Garnett Church of Christ is going through an important movement right now. We are selecting new elders, we are selling our building, and we are seeking some restructuring in our staff to more fully live out our mission “to invite all people into Christ-centered lives.” We believe all people–inside and outside of the church, staff, elders, members, non-Christians–must take steps closer to Jesus. We want to become less self-centered and more Christ-centered everyday.
As part of this new movement in our church, we are returning to the roots of the church in the book of Acts in the New Testament. So January 19, we began a new preaching series on Acts, then directly after the worship at 10, we are digging deeper into study of the book of Acts in an all-church auditorium class.
In this auditorium class I’m teaching like I taught in villages in Uganda. Different men, women, teenagers will read the text we are studying, some will go out of the room to practice a skit they come up with to act out the text, others will ask good questions of the text. We will pray over the text, be confessional, ask our honest questions, be willing to say, “I don’t know,” and focus on questions that help us become more Christlike.
During this study, we are also looking for themes about leadership, because our elder selection process calls for study of elder qualifications and selection. Acts contains good stories about how the early church selected leaders.
Sunday we enjoyed laughter, good questions, and a skit by three men–Conner Fields, Clarence Davis, and John Dickmann–that showed how the apostles prayed, asked the Holy Spirit to direct them, nominated two men, then drew straws to select one man to replace Judas so there would be twelve apostles, symbolic of the twelve tribes and a continuation of Christ’s selection of twelve apostles who would lead the first church.
Here are the questions class participants asked with any comments I can give right now.
- Where does it say 120 followers? (Acts 1:15)
- Should non-apostles cast lots to make decisions? While the idea of apostolic succession has been strong in the Catholic Church, in order to keep biblical interpretation and direction of the church strong, the weakness of this approach is that it leaves the 99% of non-apostolic leaders weak. I believe Christ left us the Holy Spirit to fill us and lead local communities of followers, and apostolic succession tends to rely on men and not the Holy Spirit.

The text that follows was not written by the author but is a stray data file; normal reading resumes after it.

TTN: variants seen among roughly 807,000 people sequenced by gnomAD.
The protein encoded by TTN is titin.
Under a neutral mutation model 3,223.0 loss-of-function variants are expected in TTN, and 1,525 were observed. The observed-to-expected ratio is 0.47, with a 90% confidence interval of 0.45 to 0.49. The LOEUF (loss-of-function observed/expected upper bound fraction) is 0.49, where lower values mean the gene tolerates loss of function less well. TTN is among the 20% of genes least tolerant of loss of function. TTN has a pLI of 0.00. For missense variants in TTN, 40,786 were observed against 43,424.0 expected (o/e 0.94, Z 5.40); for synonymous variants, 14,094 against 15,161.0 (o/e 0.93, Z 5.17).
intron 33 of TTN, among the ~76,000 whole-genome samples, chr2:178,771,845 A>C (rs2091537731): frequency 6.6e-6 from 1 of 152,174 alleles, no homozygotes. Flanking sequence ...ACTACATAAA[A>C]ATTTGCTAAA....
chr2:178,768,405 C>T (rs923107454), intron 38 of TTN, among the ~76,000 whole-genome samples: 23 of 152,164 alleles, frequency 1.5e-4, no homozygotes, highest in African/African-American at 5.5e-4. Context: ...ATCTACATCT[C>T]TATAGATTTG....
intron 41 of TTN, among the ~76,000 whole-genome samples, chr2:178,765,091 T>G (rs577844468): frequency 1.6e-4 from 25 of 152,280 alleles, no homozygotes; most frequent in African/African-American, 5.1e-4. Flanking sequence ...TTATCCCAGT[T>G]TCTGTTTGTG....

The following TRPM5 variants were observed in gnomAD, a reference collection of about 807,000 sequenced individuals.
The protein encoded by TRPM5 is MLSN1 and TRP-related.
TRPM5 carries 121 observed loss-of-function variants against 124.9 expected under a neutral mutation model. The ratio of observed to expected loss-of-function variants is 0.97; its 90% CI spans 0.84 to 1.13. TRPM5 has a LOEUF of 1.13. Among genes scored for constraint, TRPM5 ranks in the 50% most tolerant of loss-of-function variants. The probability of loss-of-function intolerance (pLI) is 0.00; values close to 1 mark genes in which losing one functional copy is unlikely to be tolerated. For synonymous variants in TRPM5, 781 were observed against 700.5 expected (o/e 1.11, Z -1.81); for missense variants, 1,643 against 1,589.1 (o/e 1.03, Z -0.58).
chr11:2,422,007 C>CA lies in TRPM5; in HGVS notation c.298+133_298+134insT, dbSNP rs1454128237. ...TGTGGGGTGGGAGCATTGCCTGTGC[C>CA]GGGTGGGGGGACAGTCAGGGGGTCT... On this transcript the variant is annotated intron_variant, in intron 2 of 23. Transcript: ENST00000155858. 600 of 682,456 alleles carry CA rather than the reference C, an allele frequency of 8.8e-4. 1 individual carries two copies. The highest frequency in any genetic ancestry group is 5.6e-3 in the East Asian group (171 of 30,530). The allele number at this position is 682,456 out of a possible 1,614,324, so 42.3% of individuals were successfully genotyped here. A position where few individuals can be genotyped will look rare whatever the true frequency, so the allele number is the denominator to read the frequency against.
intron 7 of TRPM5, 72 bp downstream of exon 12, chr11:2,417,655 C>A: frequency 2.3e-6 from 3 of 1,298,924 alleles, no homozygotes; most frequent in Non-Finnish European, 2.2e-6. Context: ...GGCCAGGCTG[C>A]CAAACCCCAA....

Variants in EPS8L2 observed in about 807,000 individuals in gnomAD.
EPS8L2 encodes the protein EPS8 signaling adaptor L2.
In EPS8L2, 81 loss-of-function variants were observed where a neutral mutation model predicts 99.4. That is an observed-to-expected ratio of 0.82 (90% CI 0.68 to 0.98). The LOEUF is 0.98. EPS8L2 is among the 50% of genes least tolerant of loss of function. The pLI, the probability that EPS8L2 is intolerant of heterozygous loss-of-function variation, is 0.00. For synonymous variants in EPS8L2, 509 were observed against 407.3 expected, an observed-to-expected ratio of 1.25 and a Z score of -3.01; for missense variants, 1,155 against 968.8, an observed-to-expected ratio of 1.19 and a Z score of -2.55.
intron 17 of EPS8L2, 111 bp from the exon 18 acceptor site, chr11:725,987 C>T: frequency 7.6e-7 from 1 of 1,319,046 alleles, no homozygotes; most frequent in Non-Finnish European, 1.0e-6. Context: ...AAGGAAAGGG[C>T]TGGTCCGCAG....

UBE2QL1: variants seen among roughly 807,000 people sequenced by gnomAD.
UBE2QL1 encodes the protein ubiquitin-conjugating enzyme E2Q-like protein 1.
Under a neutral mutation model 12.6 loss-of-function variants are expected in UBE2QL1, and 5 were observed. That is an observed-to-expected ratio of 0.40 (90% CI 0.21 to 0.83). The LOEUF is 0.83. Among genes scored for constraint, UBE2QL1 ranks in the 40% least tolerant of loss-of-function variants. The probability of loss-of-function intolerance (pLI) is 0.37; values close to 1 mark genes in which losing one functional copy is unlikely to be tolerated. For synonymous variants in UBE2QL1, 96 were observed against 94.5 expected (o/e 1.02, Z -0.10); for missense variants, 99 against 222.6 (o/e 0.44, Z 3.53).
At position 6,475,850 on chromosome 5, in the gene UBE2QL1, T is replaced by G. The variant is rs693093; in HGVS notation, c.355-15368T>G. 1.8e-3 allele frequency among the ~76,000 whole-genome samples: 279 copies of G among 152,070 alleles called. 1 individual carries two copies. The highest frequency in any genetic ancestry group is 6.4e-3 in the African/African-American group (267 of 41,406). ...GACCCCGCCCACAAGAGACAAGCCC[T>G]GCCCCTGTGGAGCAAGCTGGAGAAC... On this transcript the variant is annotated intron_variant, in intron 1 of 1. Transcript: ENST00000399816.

- How were lots cast? This can be easily looked up online. I don’t know exactly how, but it was a kind of chance, like drawing straws or throwing dice, but the apostles nominated, prayed, then considered this method the word of the Lord.
- Is this the last time angels appear in the New Testament? Not the last time there is a vision (Peter received a vision and heard “a voice” in Acts 10; Paul received a vision from Jesus, later “a man” telling him to go to Macedonia, then a messenger to encourage him, “I have many people in this city,” one time when he was discouraged.
- Is Acts the last book written chronologically in the New Testament? No, written around AD 64, and books were probably written from AD 50 – 94.
- Why is Judas’s death account again added to Acts and does it agree with what’s in the gospels. Acts is more of a commentary and reason given for needing to choose another man.
- Who are the women disciples? Acts 1:14 says “women and Mary the mother of Jesus.” It’s significant that the women are mentioned, that women would take a role in the new church, an increasingly important idea throughout the gospels, with Jesus often interacting with women, women following, caring for Jesus, being the first to witness and tell of the resurrection.
- Why so little written about the 40 days of appearing? We find some mention and additional stories in the gospels, particularly John’s gospel (John 20-21), very powerful stories.
- What was the difference between John’s baptism and the baptism the church practiced beginning in Acts 2. For a discussion of this, see the book I co-authored with John Mark Hicks, Down in the River to Pray. Basically, John’s baptism was about preparation for the Messiah and repentance. The baptism in Acts is baptism characterized by three important things: into the name, death, and resurrection of Jesus Christ, for forgiveness, and to impart the Holy Spirit.
- What is the significance of the twelve apostles? Without a doubt the twelve was a significant number because of the famous 12 tribes of Israel, so it’s no accident that Jesus selected 12 apostles, and it’s no accident the apostles wanted to remain 12 as long as possible as the new church began.
- Was there an apostle from each tribe? I don’t think so; this is not explicitly said or denied in Scripture, but these guys are not the famed patriarchs of their tribes but fishermen, tax collectors, and they probably would not have been considered as leaders of tribes at that point in Jewish history, but I have not researched this good question much.
Next week I’ll preach on “An Acts 2 Church” and we’ll look at what it means to be an Acts 2 Church more deeply in our class, act out the pentecost events, and ask more good questions. See you next week.